Buress called out Cosby and because of it at least nineteen accusers who might have been muzzled with money or muffled by fear and shame and “whose going to believe me anyway.” will be heard. And, that is a good thing! But, I wonder if Buress’ advocacy on behalf sexually violated women everywhere will make him regretful about his attitude about rape? Will he think about how his jokes about Date Rape in two of his comedy sketches, Animal Furnace and My Name is Hannibal, were instructional – just what a budding date rapist needs? Will he be concerned that people might ask, “If, as you say, Cosby is guilty of actual rape, are you guilty of passive rape?

Buress also mocked Cosby by using words from his famous and infamous 2004, Pound Cake speech. “Pull your pants up black people. I was on TV in the 80s. I can talk down to you because I had a successful sitcom.” Hannibal Buress finished his tirade with, “But you rape women, Bill Cosby. So brings you down a couple of notches.”

The speech to which Buress refers was given on May 17, 2004 at the 50th anniversary of Brown vs. the Board of Education Decision. It is the speech that ten years later is still causing some Black people (not all of them middle class) to treat Cosby as if he is our very own Benedict Arnold. While I can understand how people did not like how Cosby delivered his message or some of the phrases he used. (If he had asked me I would have said, “Maybe you want to leave that one out or say that another way.”) And, I get why some people are disturbed because he did not put his criticism in the historical context of institutional racism. But I do not understand this prolonged anger or the reference to Cosby as betrayer of the race. Nor can I begin to understand the stance taken by Michael Eric Dyson, who seems to have positioned himself as the defender of all things black that might be criticized by the black middle class. In his book, Is Bill Cosby Right or has the Middle Class Lost its Mind, Dyson gives an explanation. “Cosby has refused to explore race in his comedy, rejected the role of crusader or leader on issues of race and resisted bearing the burdens of racial representation in public with grace.”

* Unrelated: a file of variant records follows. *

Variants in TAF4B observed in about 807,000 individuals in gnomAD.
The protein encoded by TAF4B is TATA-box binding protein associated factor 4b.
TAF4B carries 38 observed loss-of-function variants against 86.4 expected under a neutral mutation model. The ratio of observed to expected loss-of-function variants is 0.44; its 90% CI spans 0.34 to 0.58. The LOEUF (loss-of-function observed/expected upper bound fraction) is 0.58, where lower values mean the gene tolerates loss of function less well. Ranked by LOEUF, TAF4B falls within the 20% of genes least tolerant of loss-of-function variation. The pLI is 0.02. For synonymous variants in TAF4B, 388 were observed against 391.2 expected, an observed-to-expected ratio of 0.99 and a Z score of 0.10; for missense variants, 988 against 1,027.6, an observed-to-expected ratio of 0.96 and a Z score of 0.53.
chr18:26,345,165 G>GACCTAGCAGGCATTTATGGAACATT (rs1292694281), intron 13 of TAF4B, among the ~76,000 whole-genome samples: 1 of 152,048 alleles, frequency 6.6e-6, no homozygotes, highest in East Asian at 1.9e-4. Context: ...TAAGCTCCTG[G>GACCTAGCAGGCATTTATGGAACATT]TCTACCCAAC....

In Dyson’s thinking, Cosby has not earned the right to speak about the social ills of poor blacks. This, in my opinion, is a narrow perspective on how race might be explored. Cosby did not, as Dyson points out, use his place on the national stage to address race and racism in the style of Dick Gregory and other comedians. Cosby did however use it to promote higher education by doing shows on historically Black Colleges, displaying jerseys from HBCs and making the setting for Different World a factious college. He provided many blacks and other ethnic groups with their very first view of paintings and sculptures by black artists such as Annie Lee (Died November 24, 2014) and Ellis Wilson whose painting, The Funeral Possession, was made famous because it hung on the Huxatable’s living room wall. Black performers such as singer Mavis Staples (Respect Yourself) and dancer Judith Jamison (Alvin Alley Dance theater of Harlem) often made appearances. Cosby collaborated with Varnette Honeywood (Died 2010) to create Little Bill Books for beginning Readers that included children doing homework and showed other examples of black life.

In spite of what Dyson says, Cosby’s more inductive approach to addressing race and racism is as legitimate as the more deductive approaches chosen by other comedians. Rather than focusing on what we as black American do not have or what “They” are doing to us, Cosby consistently uses his platform to emphasize possibilities, potential, personal responsibilities. A good example is the show called Regular People, when Theo was getting “Ds” in his classes and thought his parents should not worry because grades do not matter if you get the kind of job regular people get.